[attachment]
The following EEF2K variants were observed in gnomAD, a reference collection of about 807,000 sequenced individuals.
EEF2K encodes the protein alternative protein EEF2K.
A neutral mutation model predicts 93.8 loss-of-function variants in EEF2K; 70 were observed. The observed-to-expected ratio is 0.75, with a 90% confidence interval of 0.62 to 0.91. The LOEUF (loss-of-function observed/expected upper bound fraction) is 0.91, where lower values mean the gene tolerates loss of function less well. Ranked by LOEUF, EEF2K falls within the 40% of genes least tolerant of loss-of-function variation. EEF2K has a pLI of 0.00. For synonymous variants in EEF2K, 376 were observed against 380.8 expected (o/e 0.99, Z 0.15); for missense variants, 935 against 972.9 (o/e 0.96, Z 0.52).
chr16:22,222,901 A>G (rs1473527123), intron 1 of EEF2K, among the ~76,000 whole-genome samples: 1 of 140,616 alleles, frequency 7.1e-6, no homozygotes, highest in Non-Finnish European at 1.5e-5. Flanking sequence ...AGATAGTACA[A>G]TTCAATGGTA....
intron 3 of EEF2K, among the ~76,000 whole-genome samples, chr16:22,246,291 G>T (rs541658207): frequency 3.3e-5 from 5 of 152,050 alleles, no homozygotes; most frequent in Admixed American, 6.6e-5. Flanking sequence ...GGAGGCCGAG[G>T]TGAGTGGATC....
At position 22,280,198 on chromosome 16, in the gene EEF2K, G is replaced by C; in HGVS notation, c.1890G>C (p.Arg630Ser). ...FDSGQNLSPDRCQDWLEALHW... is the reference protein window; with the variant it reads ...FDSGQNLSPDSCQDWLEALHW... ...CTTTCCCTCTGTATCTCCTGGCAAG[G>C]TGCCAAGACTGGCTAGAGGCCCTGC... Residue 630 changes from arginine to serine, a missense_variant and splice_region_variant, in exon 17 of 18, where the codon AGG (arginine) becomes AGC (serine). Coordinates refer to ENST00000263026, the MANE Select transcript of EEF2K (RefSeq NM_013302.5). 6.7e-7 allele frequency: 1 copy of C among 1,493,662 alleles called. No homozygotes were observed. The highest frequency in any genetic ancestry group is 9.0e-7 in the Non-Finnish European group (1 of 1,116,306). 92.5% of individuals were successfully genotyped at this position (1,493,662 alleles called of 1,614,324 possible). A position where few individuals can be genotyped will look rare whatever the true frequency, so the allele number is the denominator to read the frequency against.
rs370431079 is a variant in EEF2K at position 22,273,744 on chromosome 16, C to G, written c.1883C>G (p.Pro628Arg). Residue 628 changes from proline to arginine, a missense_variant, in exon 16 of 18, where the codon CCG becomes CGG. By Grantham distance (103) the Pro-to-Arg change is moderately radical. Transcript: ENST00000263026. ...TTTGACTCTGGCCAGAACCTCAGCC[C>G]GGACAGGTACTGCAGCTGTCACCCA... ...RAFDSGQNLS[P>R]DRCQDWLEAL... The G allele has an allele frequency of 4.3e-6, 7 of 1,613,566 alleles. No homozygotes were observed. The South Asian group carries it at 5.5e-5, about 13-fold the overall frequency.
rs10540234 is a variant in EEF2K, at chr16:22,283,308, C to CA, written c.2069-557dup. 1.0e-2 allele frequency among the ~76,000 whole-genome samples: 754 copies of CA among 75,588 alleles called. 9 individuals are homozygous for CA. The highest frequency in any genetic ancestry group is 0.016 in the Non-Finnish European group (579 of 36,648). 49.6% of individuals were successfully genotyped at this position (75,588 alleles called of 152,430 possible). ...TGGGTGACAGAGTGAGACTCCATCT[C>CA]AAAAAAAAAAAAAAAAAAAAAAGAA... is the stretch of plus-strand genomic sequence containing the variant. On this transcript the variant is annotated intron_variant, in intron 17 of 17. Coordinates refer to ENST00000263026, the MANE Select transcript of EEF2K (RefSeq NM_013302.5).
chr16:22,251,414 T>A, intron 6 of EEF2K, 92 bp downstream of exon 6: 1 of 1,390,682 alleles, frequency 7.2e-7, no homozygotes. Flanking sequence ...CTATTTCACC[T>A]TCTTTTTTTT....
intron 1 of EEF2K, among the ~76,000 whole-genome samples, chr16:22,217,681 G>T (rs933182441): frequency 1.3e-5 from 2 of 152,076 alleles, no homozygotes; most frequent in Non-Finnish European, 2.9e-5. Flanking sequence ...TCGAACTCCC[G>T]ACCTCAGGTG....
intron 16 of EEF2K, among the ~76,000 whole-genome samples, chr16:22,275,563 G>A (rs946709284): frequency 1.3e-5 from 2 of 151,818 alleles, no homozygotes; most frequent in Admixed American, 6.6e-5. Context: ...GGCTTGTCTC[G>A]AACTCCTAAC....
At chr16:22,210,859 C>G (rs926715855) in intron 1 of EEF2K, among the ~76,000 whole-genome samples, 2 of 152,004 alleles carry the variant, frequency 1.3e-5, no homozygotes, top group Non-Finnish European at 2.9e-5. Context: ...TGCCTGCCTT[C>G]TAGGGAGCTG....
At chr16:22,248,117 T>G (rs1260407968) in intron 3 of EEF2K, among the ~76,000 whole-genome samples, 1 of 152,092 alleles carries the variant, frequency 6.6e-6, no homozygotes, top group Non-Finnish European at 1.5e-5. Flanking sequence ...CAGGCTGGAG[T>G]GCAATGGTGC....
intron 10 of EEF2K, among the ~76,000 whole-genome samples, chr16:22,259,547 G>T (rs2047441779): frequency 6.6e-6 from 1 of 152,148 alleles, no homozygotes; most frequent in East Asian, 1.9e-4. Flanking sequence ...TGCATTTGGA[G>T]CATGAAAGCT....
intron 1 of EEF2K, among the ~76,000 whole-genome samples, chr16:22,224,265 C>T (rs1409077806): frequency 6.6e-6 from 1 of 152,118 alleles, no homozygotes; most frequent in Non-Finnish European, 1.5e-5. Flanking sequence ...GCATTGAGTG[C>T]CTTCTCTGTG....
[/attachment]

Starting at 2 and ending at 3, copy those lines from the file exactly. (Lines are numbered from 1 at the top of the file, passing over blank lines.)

EEF2K encodes the protein alternative protein EEF2K.
A neutral mutation model predicts 93.8 loss-of-function variants in EEF2K; 70 were observed. The observed-to-expected ratio is 0.75, with a 90% confidence interval of 0.62 to 0.91. The LOEUF (loss-of-function observed/expected upper bound fraction) is 0.91, where lower values mean the gene tolerates loss of function less well. Ranked by LOEUF, EEF2K falls within the 40% of genes least tolerant of loss-of-function variation. EEF2K has a pLI of 0.00. For synonymous variants in EEF2K, 376 were observed against 380.8 expected (o/e 0.99, Z 0.15); for missense variants, 935 against 972.9 (o/e 0.96, Z 0.52).